Physicians Urge Schools to Maintain Mask Mandates, Protect Kids

A group of Tennessee physicians this week responded to Gov. Bill Lee urging local school districts to drop mask mandates.

Here’s more from a press release:

“Mask requirements for our classrooms keep COVID out so our kids can stay in school, parents at work and most importantly, protect vulnerable children who do not have the option to get vaccinated yet,” said Dr. Amy Gordon Bono, an internal medicine/primary care physician in Nashville, who also holds a Masters in Public Health.  “And we know it works: counties without mask requirements have seen more COVID spread, leading to more kids getting sick, parents and kids having to quarantine, making it harder on local businesses and families.”

Dr. Sara Cross, an Associate Professor of Medicine and Infectious Diseases at the UT College of Medicine in Memphis, who also served on the Governor’s Coronavirus Task Force,  is concerned. 

 “The Governor’s announcement urging school districts to drop their mask requirements is premature, reckless, and frankly confusing to me as an infectious disease physician and mother.  This announcement completely contradicts the Centers for Disease Control’s most recent updated recommendations from just 3 days ago. All children should feel safe at school. It is the community’s and government’s responsibility to ensure this safe environment.  Children with special healthcare needs are at increased risk of infection from SARS-Cov-2. Rarely, a healthy child can develop serious infection or suffer grave consequences from COVID-19. The CDC recommends continued use of masks and social distancing in schools to keep our young unvaccinated population safe and healthy.  I hope that Governor Lee rethinks his hasty announcement.”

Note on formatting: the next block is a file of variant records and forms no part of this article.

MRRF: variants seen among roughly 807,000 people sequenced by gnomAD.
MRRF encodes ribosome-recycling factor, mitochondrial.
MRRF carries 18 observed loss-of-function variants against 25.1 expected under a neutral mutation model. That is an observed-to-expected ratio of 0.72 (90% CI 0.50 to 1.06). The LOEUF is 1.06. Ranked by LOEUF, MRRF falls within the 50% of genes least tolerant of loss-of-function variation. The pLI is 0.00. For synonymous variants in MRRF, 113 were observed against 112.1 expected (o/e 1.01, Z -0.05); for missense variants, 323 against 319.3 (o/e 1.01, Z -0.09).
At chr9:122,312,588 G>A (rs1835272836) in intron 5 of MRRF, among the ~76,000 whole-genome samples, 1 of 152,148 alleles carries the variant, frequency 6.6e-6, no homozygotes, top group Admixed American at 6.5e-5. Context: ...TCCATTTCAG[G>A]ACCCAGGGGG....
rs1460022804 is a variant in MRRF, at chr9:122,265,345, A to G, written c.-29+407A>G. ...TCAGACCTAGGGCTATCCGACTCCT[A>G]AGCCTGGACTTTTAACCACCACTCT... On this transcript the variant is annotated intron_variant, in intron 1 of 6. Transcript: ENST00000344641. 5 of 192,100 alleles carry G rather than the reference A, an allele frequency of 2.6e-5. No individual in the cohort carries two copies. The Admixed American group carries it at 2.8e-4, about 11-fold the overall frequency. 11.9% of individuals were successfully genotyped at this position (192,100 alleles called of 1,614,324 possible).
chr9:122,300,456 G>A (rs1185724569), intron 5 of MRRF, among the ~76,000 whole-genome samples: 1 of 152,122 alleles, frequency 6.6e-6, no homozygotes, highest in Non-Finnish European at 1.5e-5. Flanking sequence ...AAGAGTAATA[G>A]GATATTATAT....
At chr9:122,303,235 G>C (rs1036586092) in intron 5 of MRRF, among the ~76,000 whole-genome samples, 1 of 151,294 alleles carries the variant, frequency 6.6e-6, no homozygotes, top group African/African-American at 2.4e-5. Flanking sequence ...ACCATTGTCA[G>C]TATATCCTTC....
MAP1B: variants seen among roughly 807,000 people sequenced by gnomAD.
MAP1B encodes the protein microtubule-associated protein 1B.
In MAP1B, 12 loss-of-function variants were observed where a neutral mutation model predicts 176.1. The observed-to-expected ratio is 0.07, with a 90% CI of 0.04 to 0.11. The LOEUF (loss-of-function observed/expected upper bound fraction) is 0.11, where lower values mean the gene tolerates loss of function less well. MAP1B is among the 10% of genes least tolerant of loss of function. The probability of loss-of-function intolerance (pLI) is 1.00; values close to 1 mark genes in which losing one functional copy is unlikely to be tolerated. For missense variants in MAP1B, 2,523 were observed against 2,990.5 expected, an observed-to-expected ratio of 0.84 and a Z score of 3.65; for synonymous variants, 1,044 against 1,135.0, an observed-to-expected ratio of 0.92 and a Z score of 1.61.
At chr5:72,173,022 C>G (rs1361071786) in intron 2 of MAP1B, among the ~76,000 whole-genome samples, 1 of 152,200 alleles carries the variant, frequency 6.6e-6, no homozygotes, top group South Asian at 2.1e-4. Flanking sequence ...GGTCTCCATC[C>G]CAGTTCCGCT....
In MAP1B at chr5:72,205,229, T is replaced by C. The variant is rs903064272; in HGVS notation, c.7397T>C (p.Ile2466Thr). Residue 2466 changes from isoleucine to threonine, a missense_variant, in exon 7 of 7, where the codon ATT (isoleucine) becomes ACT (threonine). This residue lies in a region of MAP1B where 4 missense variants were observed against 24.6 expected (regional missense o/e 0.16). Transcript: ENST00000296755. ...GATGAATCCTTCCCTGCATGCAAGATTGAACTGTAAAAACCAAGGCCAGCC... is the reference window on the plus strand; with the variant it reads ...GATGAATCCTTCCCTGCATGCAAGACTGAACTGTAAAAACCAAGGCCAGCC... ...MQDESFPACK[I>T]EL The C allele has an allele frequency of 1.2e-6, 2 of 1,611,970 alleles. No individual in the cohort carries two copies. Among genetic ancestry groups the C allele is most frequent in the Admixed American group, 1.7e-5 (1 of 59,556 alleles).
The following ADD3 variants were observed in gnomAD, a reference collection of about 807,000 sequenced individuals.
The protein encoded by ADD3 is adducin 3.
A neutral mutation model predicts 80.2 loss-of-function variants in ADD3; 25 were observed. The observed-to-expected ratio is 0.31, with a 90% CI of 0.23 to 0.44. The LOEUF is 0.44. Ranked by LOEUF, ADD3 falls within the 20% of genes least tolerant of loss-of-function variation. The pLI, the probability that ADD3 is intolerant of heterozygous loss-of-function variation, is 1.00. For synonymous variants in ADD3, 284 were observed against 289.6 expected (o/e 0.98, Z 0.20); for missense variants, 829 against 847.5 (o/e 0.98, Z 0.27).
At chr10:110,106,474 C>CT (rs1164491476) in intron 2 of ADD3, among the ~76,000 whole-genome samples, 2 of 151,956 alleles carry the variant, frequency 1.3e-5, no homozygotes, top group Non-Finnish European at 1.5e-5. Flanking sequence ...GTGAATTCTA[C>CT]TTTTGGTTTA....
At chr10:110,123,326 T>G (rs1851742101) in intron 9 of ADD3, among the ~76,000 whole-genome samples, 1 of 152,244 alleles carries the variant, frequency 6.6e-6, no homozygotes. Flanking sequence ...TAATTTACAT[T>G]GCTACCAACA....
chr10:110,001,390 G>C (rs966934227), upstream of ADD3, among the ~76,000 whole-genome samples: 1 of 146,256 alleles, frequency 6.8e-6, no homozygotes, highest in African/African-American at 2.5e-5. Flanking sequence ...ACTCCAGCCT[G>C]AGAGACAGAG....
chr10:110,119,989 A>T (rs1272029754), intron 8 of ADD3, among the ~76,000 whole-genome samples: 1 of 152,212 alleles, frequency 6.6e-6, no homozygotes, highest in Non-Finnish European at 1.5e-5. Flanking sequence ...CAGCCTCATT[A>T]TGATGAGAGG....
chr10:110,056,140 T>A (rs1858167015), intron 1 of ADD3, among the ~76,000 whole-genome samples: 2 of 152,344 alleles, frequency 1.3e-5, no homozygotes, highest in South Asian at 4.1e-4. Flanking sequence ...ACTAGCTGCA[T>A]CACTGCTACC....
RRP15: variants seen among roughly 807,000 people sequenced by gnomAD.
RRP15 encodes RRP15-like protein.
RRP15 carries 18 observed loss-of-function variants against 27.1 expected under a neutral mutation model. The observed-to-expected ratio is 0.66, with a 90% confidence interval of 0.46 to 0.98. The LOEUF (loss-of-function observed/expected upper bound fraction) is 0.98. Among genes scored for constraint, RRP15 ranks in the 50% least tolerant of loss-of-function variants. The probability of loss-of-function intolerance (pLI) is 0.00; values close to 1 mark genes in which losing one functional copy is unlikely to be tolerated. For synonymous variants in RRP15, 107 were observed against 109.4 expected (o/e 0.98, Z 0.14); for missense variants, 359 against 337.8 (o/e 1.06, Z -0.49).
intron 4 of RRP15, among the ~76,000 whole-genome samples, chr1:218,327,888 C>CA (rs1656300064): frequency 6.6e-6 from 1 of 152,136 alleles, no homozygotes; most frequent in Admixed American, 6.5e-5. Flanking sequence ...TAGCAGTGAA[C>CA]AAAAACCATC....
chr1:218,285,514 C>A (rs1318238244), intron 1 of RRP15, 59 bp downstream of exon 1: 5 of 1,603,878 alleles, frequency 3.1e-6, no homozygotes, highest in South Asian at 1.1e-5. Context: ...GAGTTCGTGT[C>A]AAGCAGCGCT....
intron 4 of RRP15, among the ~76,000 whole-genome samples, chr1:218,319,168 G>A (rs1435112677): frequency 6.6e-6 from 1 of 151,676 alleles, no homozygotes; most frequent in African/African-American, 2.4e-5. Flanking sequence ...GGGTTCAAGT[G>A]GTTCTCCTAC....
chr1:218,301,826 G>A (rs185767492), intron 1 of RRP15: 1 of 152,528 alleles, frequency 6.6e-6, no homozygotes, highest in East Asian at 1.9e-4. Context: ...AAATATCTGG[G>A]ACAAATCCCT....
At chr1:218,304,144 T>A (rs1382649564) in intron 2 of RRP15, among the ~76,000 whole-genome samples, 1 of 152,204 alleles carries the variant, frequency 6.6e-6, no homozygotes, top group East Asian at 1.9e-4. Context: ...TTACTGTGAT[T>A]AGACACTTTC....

Dr. Diana Sepehri-Harvey, a family medicine physician  in Franklin who also holds a Masters in Public Health, responded,

 “Every time I think Governor Lee has shown all that he can for me to not trust him as a leader, he breaks his own record!  Our children under the age of 12, who do not have a choice to be vaccinated at this time, require all of us to remain vigilant to keep them safe.  Simply put, this means we get vaccinated and mask up for them, and kids continue to mask until they are eligible for vaccines.  As a physician on the frontlines, and as a mother of young kids, I am appalled by Governor Lee’s message today!”

“Masks and vaccines work together to help suppress COVID infections in our community,” continued Dr. Bono “Doing everything we can to keep the school environment safe from COVID infection helps make that environment safer, more supportive, and more stable for our children, teachers, and staff.  Masks for unvaccinated individuals, including children, are essential.”

Dr. Cross concluded: